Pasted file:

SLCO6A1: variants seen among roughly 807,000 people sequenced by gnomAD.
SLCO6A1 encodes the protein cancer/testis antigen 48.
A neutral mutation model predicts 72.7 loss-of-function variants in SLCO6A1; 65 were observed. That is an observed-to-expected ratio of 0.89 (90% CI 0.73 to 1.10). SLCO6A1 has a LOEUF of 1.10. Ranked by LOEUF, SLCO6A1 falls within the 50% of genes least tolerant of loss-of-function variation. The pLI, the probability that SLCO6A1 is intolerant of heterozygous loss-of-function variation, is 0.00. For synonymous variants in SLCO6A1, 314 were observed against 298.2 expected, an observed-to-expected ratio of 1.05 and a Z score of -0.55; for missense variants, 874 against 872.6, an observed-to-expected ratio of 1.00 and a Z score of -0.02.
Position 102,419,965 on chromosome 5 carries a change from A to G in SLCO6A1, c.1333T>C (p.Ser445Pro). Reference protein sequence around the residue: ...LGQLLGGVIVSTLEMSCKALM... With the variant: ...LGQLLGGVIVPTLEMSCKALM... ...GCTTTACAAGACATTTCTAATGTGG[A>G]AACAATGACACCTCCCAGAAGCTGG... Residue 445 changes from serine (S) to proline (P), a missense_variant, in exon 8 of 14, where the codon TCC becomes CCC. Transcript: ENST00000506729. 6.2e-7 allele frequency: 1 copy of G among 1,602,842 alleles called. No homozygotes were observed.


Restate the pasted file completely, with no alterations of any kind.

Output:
SLCO6A1: variants seen among roughly 807,000 people sequenced by gnomAD.
SLCO6A1 encodes the protein cancer/testis antigen 48.
A neutral mutation model predicts 72.7 loss-of-function variants in SLCO6A1; 65 were observed. That is an observed-to-expected ratio of 0.89 (90% CI 0.73 to 1.10). SLCO6A1 has a LOEUF of 1.10. Ranked by LOEUF, SLCO6A1 falls within the 50% of genes least tolerant of loss-of-function variation. The pLI, the probability that SLCO6A1 is intolerant of heterozygous loss-of-function variation, is 0.00. For synonymous variants in SLCO6A1, 314 were observed against 298.2 expected, an observed-to-expected ratio of 1.05 and a Z score of -0.55; for missense variants, 874 against 872.6, an observed-to-expected ratio of 1.00 and a Z score of -0.02.
Position 102,419,965 on chromosome 5 carries a change from A to G in SLCO6A1, c.1333T>C (p.Ser445Pro). Reference protein sequence around the residue: ...LGQLLGGVIVSTLEMSCKALM... With the variant: ...LGQLLGGVIVPTLEMSCKALM... ...GCTTTACAAGACATTTCTAATGTGG[A>G]AACAATGACACCTCCCAGAAGCTGG... Residue 445 changes from serine (S) to proline (P), a missense_variant, in exon 8 of 14, where the codon TCC becomes CCC. Transcript: ENST00000506729. 6.2e-7 allele frequency: 1 copy of G among 1,602,842 alleles called. No homozygotes were observed.